Thursday, June 15, 2017

Race Report: Cayuga Trails 50

All smiles.
all photos: Joe and Elizabeth Azze
I’ve been having a difficult time starting this recap, both because I'm a little ambivalent about my performance--I'll get to that in a minute--and because I feel like I don’t have anything new to say about this race.  This was my fourth time running the CayugaTrails 50 mile in the race's five-year existence, and I’ve written extensively in thepast about my previous experiences.  It’s a race I keep coming back to year after year, despite the fact that I struggle with the course and I never seem to run it particularly well.  I keep returning because the race is in Ithaca, one of my favorite places; because the course is as beautiful as it is challenging; because as the 50-mile national championships, it’s a great opportunity to run against some really top-flight competition not far from home; because Ian continues to put on amazing events that put the athletes first; and because my MPF/RNR teammates annually put on a show of force that I always want to be a part of.  But my experience with this race has always been a mixture of positives and negatives, and this year was certainly no exception.

Last year I had an ideal buildup for this race ultimately foiled by another bout with Lyme disease, and this time around unfolded much the same.  After Rocky Raccoon it took a bit longer than I anticipated to start feeling back to normal; I didn’t really get into a good flow until early April.  But several strong hill workouts and two solid wins in low-key tuneup races (the XTERRA Northeast 50K at Wawayanda State Park in early May, and the New Paltz Pizza Challenge six days later) had me feeling pretty confident as taper time drew near.  Sixteen days out, I was forced to cut short a low-key track workout (three sets of 800m/400m repeats) with extreme fatigue, upper-body achiness, and dizziness.  I was immediately reminded of last year but tried to convince myself it was heat-related; temps were in the mid-90s, and I thought I might be dehydrated.  But when I had similar symptoms six days later, barely able to gut out 4 x 800m at 2:55 pace (which should have felt barely harder than a jog, given my fitness level) despite reasonably mild temps, I knew the Lyme was back.

At that point, eleven days from race day, my instinct was to pull the plug.  After dropping halfway through last year's race while on antibiotics I had no desire to repeat the experience. That night, however, I spoke with a buddy from med school who specializes in infectious disease, who thought my symptoms and previous lab results pointed more towards anaplasmosis (a Lyme-related, tick-born infection) rather than Lyme. If that was the case, I might be able to get away with ten days of antibiotics--which would finish up the day before Cayuga--and maybe feel well enough to compete.  I decided to wait until Tuesday before the race--my usual day for a final "hard" workout--before I made any decision.  I planned on 2x1mi at a relaxed but hard tempo; after I was able to run a 5:50 mile without feeling like it was the end of the world, I skipped the second rep and decided to go for it.  Cayuga would be my last race anyway before some planned down time; after I couldn't get the weekend off of work to run the Whiteface Skyraces in July, I was already anticipating my first real offseason since last summer.  So either way I figured I'd give Cayuga a shot.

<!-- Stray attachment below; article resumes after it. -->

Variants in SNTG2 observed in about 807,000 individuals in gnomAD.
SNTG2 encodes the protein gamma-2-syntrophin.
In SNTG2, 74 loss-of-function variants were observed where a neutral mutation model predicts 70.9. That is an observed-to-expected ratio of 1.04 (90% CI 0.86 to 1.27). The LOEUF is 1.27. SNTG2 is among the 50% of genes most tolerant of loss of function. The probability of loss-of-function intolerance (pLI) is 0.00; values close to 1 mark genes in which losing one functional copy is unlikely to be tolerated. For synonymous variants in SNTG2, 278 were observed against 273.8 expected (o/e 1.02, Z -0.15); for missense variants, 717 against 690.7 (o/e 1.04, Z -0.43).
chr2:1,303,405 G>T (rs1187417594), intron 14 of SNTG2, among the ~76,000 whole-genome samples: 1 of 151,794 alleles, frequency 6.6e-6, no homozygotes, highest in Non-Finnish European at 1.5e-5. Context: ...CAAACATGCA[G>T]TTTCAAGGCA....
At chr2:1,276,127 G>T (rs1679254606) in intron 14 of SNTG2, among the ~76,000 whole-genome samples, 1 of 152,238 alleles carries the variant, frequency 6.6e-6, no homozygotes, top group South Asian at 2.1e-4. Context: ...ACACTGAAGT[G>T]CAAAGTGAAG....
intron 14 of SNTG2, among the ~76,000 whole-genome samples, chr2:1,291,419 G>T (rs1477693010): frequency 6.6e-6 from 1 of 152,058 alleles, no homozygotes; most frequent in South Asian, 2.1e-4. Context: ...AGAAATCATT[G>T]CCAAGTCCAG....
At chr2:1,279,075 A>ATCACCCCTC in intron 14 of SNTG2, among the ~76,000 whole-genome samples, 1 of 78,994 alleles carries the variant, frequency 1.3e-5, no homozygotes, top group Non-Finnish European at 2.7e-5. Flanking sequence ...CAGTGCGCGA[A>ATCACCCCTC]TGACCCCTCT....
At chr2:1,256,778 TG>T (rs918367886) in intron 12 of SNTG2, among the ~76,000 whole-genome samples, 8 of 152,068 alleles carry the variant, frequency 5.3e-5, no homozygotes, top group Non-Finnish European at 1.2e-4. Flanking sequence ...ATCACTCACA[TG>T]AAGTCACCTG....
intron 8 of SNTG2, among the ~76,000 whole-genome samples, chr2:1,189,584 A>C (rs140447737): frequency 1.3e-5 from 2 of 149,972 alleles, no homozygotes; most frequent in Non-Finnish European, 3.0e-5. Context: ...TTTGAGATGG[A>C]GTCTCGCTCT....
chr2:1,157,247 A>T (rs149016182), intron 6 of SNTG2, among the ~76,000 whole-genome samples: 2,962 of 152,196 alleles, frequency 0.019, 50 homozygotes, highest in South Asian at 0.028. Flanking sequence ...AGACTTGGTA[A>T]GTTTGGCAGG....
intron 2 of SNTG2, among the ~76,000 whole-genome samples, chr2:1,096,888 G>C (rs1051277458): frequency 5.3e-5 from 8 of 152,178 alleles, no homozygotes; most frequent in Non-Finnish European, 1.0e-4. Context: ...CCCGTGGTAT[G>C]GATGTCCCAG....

Two old men trying to stay warm.
You know it's cold because Ben's wearing a shirt.
My jog with Phil and Tim the day before the race felt pretty solid, and as we lined up Saturday morning I felt reasonably confident (despite a restless night of sleep) that I could approach my perpetual goals at Cayuga of 8:00-8:15, top 10-15, top-3 masters.  I knew from prior years that even splits on the course were a near impossibility, even for the top elites, and that it would take a 3:50 opening lap to have any chance of running 8:10 or better for the race.  Given my recent illness, I had decided to run completely on feel, and let the time and place take care of themselves.  The goals were the goals, but just getting through this one without feeling like complete garbage was going to be a win.

As planned, Phil and I ran together in the early going; as usual in these circumstances, I set the pace with Phil tucked just behind.  We settled into position in about 30th place, running just over eight minutes for the first mile before easing off as the climbing started in earnest.  At the top of the first climb, about three miles in, Ian had added a mile-long loop of rolling singletrack that, while pretty, was obviously going to be a real slog on the second lap.  This threw off our splits as compared to previous years, but the effort level seemed to be in check as we rolled through AS1 and headed back down the gorge towards the river.